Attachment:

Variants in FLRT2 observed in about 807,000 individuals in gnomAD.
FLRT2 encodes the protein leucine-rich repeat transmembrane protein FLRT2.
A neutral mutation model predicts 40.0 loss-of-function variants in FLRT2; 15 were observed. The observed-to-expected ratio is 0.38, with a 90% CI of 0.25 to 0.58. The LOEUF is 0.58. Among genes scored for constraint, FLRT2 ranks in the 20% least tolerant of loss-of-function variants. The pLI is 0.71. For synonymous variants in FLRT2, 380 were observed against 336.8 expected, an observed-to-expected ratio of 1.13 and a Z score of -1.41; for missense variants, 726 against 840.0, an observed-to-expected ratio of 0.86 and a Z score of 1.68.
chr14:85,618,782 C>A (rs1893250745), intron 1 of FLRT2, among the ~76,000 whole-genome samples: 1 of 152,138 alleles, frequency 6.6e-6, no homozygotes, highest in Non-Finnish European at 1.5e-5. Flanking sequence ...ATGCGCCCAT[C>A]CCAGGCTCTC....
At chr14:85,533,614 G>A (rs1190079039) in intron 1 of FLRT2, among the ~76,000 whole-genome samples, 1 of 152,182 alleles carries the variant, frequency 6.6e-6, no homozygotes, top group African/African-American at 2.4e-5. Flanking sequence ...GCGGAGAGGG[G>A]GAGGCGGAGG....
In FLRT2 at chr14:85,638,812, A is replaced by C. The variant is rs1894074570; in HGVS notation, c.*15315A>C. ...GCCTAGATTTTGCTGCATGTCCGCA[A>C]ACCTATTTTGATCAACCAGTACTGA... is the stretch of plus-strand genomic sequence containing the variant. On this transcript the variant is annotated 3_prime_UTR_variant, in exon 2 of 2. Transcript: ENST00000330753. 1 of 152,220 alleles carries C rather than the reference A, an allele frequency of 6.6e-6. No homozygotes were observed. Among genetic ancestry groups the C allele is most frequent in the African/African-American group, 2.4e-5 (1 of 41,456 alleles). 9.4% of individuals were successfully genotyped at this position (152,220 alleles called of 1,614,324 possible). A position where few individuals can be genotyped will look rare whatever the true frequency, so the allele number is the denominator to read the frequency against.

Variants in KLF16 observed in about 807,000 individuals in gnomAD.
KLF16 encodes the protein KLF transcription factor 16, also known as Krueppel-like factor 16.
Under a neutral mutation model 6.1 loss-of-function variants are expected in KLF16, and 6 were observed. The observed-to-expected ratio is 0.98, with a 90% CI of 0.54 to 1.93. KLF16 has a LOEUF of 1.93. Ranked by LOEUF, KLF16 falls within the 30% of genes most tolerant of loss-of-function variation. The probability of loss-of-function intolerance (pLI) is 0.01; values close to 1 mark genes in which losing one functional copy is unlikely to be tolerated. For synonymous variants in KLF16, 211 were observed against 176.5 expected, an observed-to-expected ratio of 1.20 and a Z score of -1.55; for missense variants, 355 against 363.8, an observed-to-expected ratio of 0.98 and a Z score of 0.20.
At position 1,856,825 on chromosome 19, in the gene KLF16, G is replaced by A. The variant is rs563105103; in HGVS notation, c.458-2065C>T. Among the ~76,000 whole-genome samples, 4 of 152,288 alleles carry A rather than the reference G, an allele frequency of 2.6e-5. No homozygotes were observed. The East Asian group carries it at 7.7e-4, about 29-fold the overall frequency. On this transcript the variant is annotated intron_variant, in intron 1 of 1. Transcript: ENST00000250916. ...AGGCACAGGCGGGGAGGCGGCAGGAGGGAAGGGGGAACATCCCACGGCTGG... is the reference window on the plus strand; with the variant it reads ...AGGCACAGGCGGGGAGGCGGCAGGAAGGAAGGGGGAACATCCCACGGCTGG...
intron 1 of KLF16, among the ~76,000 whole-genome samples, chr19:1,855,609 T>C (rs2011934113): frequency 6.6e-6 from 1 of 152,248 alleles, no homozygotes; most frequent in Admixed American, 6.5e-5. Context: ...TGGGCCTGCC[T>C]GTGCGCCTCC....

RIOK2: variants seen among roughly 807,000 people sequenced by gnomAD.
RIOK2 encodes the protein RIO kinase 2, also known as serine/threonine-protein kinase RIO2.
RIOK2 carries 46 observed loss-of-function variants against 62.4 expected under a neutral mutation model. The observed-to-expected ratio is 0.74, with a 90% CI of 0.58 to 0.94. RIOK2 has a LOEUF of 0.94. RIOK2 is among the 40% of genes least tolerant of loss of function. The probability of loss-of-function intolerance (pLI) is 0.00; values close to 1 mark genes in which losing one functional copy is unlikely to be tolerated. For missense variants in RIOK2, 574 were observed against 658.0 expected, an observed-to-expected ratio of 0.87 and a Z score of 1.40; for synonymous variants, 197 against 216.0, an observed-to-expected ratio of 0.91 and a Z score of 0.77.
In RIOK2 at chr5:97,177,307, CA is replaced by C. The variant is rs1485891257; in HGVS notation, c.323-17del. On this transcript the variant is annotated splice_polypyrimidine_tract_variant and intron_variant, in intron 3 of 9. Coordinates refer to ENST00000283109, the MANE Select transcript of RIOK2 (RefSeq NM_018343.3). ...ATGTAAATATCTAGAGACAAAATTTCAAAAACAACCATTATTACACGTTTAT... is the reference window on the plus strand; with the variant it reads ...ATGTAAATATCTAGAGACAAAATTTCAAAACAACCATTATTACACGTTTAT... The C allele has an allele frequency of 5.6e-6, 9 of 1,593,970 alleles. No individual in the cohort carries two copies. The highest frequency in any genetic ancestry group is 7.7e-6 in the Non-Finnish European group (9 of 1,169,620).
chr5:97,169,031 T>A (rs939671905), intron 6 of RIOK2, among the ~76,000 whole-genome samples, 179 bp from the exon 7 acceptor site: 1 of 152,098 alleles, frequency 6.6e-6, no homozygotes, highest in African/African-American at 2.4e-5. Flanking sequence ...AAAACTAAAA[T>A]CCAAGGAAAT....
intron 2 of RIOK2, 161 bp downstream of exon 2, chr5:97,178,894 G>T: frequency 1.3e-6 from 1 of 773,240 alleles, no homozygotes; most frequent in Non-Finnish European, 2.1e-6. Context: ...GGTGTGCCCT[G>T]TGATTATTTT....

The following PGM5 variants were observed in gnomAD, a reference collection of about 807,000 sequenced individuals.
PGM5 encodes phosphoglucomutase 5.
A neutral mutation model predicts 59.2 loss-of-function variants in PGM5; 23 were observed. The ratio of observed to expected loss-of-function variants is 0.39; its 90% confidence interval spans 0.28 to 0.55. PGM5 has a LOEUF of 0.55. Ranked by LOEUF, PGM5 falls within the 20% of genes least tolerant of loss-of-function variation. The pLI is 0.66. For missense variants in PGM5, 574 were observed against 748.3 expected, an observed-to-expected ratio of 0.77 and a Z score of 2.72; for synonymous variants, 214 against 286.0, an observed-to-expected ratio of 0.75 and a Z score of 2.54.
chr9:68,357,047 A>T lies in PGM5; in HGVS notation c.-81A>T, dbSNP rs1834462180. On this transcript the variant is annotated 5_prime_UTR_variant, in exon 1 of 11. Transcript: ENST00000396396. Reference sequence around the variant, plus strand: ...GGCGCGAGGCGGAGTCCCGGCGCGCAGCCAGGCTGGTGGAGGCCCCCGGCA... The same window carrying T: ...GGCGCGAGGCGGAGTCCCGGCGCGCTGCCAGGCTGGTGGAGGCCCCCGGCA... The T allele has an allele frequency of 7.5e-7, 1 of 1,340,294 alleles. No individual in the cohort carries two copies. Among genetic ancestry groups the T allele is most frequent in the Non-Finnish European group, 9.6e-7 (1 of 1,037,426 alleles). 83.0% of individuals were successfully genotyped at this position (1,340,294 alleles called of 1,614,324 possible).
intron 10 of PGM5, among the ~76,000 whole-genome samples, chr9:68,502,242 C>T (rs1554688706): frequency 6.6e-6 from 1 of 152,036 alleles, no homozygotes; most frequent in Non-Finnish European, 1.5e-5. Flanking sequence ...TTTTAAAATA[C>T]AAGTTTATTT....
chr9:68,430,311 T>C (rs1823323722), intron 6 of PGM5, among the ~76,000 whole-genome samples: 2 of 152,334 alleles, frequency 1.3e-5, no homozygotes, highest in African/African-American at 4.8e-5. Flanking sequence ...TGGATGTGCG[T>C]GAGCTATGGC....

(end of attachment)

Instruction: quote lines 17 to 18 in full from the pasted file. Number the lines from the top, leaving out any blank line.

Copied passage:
intron 2 of RIOK2, 161 bp downstream of exon 2, chr5:97,178,894 G>T: frequency 1.3e-6 from 1 of 773,240 alleles, no homozygotes; most frequent in Non-Finnish European, 2.1e-6. Context: ...GGTGTGCCCT[G>T]TGATTATTTT....

The following PGM5 variants were observed in gnomAD, a reference collection of about 807,000 sequenced individuals.